The Blueberry Flats trail begins at the junction with the Pleasant Valley Trail, 0.6 miles from the trailhead kiosk. It is a 1 mile loop through upland pine barrens habitat, dominated by low bush blueberries and huckleberries. This trail provides the hiker with the sites, sounds and smells of this unique area. The trail is marked with orange blazes and both the Pine Glen spur and the Old Bridge Sands trail intersect with the Blueberry Flats trail.
From the start at the Pleasant Valley Trail, the trail descends slightly and crosses a footbridge over the Iresick Brook. Just before crossing the bridge, take notice of a native plant restoration to the left. This goal of this restoration is to restore the damage created by ATV use. Both the footbridge and native plant restoration were projects of the Middlesex County Conservation Corps.
Leaving the footbridge, the trail reaches a fork. Turning left, the trail winds through stands of mature pitch pine, while the understory is dominated by blueberry, deer-berry and huckleberry. Good berry picking time is mid-summer, if you can get to them before the animals. Also, take notice of the blackened trunks of some of the trees. These are scars from previous fires. Fire plays an important role in the renewal of pine barrens habitat. The trail continues on the level, crossing two low areas on bog walks. The Pine Glen spur (white blazes) is reached on the left at 0.7 miles. Turning right, follow the orange blazes through another low, wet area, reaching the junction with the Old Bridge Sands trail (blue blazes) on the left at 0.9 miles. Turn right and follow the orange blazes back to the footbridge, returning to the junction with the Pleasant Valley Trail at 1.0 miles.
Old Bridge Sands Trail:
The Old Bridge Sands trail starts at the junction with the Blueberry flats trail, approximately 0.2 miles from the Pleasant Valley Trail. The trail crosses several feeder streams to the Iresick Brook and is named for the Old Bridge Sands aquifer which lies beneath the trails of the preserve and is considered a major water supply aquifer for the region. The trail is marked with light blue blazes and connects with the Pleasant Valley Trail, south of Pleasant Valley Road.
From the start at the junction with the Blueberry Flats trail, the trail immediately crosses a footbridge. The trail continues through pitch pine along an old, winding sand road. At 0.5 miles, the trail will turn right, while the old sand road continues straight ahead (eventually ending at Route 18). Follow the light blue blazes to the right, making another right in another 100 feet. The trail continues through mostly pitch pine until it reaches another footbridge. Immediately after the footbridge, a series of causeways and board walks carry the trail over a seasonally wet area. The trail continues up a small hill and reaches Pleasant Valley Road at 0.7 miles. Please use caution when crossing the road.
Once across the road, the trail continues to meander through the pitch pine forest before descending slightly to a series of bog walks at 0.9 miles. At the end of the bog walks, follow the trail to the right. The trail crosses a small feeder stream on the Lukas Anderson Memorial Bridge. Lukas Anderson was a member of the Middlesex County Youth Conservation Corps and dedicated many hours to trail work at the John A. Phillips Preserve before his passing. Shortly after crossing the bridge, the trail ends the junction with the Pleasant Valley Trail at 1.1 miles.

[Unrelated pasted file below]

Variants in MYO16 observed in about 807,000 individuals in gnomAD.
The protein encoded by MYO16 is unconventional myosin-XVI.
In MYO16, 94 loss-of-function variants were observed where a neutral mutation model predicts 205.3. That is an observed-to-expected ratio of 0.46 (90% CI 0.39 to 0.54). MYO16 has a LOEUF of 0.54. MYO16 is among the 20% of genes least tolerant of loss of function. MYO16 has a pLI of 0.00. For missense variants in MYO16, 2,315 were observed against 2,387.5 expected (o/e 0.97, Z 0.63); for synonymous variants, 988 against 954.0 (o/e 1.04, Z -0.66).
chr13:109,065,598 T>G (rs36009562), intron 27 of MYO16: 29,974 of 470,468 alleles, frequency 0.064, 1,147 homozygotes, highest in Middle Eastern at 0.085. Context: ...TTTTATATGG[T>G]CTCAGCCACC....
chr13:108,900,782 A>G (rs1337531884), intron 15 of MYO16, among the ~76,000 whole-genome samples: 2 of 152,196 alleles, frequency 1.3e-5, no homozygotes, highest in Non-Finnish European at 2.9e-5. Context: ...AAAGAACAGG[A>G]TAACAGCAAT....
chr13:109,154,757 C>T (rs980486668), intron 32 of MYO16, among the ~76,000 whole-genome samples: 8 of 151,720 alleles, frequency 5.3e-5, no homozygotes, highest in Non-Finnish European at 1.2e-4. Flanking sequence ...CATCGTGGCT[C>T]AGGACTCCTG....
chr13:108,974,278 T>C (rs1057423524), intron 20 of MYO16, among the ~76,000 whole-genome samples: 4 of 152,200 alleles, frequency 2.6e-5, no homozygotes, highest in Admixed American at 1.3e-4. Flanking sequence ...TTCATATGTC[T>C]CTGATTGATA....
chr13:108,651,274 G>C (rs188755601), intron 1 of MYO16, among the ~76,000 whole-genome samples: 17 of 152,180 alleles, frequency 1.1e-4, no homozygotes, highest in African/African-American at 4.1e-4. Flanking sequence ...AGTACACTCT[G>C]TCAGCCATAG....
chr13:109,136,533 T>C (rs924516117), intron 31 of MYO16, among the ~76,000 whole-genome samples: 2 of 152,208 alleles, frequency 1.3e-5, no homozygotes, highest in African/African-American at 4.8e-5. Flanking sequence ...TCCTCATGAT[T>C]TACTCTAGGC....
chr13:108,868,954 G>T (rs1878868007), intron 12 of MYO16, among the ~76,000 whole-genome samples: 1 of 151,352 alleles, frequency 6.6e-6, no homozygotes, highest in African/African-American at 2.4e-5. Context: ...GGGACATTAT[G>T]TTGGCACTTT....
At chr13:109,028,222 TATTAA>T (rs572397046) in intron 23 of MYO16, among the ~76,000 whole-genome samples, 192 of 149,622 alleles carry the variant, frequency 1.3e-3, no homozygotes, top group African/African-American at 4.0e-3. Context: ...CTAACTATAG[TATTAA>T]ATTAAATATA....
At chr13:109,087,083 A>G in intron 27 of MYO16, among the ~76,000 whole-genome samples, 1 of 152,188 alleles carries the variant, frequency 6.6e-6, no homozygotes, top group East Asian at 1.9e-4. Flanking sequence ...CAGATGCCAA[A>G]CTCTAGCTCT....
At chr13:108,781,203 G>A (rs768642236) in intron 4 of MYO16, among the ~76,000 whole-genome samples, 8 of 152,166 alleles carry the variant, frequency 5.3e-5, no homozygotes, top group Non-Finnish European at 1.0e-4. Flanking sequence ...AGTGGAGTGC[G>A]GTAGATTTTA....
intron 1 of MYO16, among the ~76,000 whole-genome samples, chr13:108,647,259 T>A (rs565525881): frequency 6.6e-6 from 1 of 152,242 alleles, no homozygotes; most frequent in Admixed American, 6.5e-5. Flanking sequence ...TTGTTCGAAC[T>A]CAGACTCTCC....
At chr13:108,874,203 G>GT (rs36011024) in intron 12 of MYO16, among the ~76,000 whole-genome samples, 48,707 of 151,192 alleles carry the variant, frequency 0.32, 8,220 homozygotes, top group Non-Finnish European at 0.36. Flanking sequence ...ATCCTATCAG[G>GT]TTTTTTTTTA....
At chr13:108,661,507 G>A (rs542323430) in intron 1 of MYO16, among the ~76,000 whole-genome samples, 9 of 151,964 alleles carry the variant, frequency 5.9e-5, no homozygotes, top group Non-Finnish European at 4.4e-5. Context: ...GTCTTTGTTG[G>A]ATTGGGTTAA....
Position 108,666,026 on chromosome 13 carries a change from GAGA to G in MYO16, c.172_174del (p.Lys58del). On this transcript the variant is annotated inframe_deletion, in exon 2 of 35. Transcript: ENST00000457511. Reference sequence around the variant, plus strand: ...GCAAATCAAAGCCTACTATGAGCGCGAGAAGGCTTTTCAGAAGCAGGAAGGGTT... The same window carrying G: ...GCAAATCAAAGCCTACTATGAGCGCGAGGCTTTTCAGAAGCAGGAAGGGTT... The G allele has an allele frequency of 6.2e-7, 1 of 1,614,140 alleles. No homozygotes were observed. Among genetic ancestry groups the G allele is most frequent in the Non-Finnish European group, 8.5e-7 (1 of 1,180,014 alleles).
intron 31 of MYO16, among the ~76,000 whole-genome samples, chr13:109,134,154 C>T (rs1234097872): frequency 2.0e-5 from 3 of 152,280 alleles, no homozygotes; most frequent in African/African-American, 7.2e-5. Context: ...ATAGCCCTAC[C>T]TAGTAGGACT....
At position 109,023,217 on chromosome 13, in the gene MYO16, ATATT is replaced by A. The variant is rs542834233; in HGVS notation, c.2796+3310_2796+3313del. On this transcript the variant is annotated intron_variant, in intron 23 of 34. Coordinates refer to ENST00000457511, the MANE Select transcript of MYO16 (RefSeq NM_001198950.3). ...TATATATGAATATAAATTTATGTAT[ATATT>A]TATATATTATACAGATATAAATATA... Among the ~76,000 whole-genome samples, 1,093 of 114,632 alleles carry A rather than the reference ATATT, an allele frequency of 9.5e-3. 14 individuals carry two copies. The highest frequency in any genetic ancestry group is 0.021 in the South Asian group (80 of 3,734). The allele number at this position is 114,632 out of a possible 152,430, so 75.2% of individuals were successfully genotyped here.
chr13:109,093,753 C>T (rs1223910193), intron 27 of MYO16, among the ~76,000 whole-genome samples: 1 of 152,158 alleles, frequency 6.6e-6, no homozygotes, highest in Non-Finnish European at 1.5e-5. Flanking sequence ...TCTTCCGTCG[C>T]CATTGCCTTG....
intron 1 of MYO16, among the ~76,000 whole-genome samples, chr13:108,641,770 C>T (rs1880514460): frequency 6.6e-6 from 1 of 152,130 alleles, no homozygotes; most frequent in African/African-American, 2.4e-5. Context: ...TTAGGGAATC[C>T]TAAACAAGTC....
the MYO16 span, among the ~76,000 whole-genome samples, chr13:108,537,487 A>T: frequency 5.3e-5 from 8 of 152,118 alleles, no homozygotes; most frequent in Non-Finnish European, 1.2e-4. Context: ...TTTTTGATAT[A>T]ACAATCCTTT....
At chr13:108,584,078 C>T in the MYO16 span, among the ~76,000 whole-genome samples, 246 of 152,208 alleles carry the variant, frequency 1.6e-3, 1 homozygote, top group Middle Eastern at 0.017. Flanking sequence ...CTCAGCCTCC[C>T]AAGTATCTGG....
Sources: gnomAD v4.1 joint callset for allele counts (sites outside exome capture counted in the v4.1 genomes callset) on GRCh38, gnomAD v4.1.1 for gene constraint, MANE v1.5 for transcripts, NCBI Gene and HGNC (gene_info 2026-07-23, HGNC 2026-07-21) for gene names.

Pine Glen Spur:
The Pine Glen Spur connects the Blueberry Flats trail to two apartment complexes along Route 18. This trail provides local users with access to the trail network and John A. Phillips Park.
The John A. Phillips Preserve encompasses more than 1700 acres of forest, stream and wetlands. The Preserve is located in the Spotswood outlier, a unique “island” of Pine Barrens habitat. Dominant plants include pitch and shortleaf pines, scrub oaks, and several members of the Heath family including high and lowbush blueberry, dangleberry and black huckleberry. The Phillips Preserve is also home to rare orchids like the pink lady’s slipper. Over 50 species of nesting birds have been identified including pine warbler, black & white warbler, yellow-billed cuckoo and indigo bunting. Red fox sightings are fairly common as are the rounded ridges left by the eastern mole as it tunnels through the sandy soil. Watch for “pitfalls” of doodlebugs or more accurately, antlion larva. These industrious insects build an inverted cone in the sandy soil where they patiently wait at the bottom of the cone for their next meal. The preserve is also home to the locally rare southern ring-neck snake. Several Bio-Blitz events were held at the preserve in conjunction with the Chrysler Herbarium at Rutgers University.
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The land for the John A. Phillips Preserve was acquired in 1997 and was one of the first purchases of the Middlesex County Open Space and Farmland Preservation Trust Fund. The property was acquired from Olympia and York, a development corporation who had planned nearly 10,000 high density housing units for the area. Shortly after the land was protected, plans were made for the 100-acre John A. Phillips park which would provide recreational facilities for that area of the county, while leaving the remaining 1600-acres for passive recreation. Trails were laid out, constructed and are maintained by the Middlesex County Conservation Corps. The MCCC was proposed by the late Freeholder Director, David B. Crabiel to help meet the management needs for the additional land acquired through the Open Space Trust Fund. For more information on the MCCC, visit the website.
John A “Jack” Phillips was a resident of Laurence Harbor for 40 years. He served as a councilman in Old Bridge Township from 1958-1960 and as the mayor from 1960-1962. He was also a Middlesex County Freeholder from 1962-1983, serving as the Deputy Director from 1973-1983. He was a founding member of the Friendly Sons of the Shillelagh and was very active in the township’s Little League and Pop Warner Football programs. The park and preserve are named in his memory for his long time and untiring commitment to the youth of Old Bridge Township and Middlesex County.